The first post in this series was an introduction to worldviews. It gave a couple definitions of the term worldview, it discussed who has them (everyone), and then spoke of why they’re important. Now, I’d like to look at each of the five broad questions that provide the framework for all worldviews.
As we discussed, a worldview is a collection of beliefs that can be boiled down to what one thinks about the questions of origins, identity, meaning, morality, and destiny.
The first question is one of origins: Where did everything come from?
When we look around at the world, when we gaze up at the clouds in the daytime or at the stars at night, when we think about why or how the physical world came to be, these are thoughts in the area of origins. When we think about the origins of the universe, there are only two possibilities.
- The universe came into being at some point in the past as an effect of some other action or occurrence.
- The universe is eternal in nature and therefore was always here. It had no beginning and it had no cause.
It seems to me that it takes only a brief moment of reflection to decide that option #2 is very unlikely. In fact, everything we know about science, logic, and even the scientific method cries against the idea that the physical universe had no beginning.
Albert Einstein said that his Theory of Relativity shows that the universe is not eternal as he’d previously thought. He said that his theory proved that the universe is not a cause, but one big effect, and that something brought it into existence.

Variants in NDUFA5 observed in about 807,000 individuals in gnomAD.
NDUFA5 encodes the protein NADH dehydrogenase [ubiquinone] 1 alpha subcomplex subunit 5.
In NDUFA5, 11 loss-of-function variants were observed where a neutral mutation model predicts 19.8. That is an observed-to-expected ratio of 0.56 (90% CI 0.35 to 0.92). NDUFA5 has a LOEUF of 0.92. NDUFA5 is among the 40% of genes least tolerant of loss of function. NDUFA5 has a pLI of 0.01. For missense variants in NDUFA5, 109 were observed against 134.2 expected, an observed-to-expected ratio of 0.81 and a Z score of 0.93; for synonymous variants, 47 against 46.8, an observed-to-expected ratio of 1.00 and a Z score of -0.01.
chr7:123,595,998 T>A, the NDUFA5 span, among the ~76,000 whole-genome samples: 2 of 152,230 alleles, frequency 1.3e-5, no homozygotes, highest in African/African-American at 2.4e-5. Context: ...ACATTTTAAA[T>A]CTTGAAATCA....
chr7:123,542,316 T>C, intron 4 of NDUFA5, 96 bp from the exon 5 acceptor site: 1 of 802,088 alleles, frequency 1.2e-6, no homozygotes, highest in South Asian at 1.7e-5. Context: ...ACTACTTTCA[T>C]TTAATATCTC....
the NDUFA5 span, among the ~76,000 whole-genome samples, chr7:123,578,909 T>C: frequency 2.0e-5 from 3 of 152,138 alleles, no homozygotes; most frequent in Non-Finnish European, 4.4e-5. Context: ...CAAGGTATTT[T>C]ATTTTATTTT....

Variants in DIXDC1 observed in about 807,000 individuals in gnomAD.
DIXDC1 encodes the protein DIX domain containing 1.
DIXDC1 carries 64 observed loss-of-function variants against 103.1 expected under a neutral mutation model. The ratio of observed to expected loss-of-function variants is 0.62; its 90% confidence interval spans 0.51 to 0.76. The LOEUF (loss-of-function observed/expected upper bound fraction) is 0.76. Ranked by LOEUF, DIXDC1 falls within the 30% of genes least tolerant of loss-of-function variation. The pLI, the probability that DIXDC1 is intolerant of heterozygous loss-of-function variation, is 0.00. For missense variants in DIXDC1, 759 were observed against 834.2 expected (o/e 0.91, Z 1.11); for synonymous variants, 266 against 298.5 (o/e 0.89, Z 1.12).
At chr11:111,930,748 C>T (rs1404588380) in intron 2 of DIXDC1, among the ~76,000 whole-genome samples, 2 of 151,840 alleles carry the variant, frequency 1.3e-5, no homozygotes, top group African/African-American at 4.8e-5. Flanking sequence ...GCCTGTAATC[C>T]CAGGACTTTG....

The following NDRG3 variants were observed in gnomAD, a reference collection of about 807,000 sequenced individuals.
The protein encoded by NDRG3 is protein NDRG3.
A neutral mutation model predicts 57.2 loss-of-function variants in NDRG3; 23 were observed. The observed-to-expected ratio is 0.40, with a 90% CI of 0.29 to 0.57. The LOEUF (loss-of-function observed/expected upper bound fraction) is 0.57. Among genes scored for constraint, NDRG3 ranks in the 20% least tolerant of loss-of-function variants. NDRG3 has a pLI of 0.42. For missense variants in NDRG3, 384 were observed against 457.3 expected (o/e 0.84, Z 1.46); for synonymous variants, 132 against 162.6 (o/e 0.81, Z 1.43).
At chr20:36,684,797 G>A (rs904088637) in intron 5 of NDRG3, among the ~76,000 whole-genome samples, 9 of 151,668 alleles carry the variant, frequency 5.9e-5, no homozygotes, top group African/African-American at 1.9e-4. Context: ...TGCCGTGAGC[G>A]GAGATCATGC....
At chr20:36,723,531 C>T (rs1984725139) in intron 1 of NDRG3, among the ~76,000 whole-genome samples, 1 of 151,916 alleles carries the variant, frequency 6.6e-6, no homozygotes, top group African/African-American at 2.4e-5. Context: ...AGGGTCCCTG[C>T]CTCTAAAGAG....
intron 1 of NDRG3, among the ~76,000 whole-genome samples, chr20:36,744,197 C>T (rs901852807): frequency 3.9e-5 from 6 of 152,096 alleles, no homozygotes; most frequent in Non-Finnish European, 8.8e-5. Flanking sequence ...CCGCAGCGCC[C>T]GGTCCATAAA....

By the way, Einstein disliked this conclusion, and that led him to introduce what he called a “fudge factor” that allowed for an eternal universe. The problem is his fudge factor required a division by zero in his calculations. As we all know, dividing by zero is bad math. Einstein later admitted the error, calling it “the greatest blunder of [his] life.” After confirming further research that showed that the universe is expanding just like his theory predicted, he conceded the fact that the universe is not eternal. He’s then quoted as saying that he “wanted to know how God created the world.”
So, the universe had a beginning, according to logical reflection and scientific confirmation. When we think about this, the first basic question that we have to ask is “Why is there something here (the universe) instead of nothing here?” Everything we know about how reality works points to the fact that effects have causes. In fact, the entire enterprise of the scientific method would not work without the basic truth that effects have causes. The beginning of the universe is an effect, so, like all effects, it had a cause.
So, what caused the universe? Since causes cannot come after their effects, natural forces (those forces that are part of the natural universe) cannot account for the existence of the universe; there must be something outside of nature to do the job. By the way, that’s what the word “supernatural” means: something outside of nature.
The next question is: What or who created the universe? As we’ll see, whatever or whoever created the universe had to have been extremely complex, exceedingly powerful, highly intelligent, and eternal in nature. Let’s take each of these in turn.
The universe is a very complex place. From astrophysics to microbiology, and from the most complicated branches of chemistry to the most advanced mathematics, the complexity of the universe is evident everywhere. Given the extremely complex nature of the universe, we can conclude that whatever or whoever created the universe must have been extremely complex itself.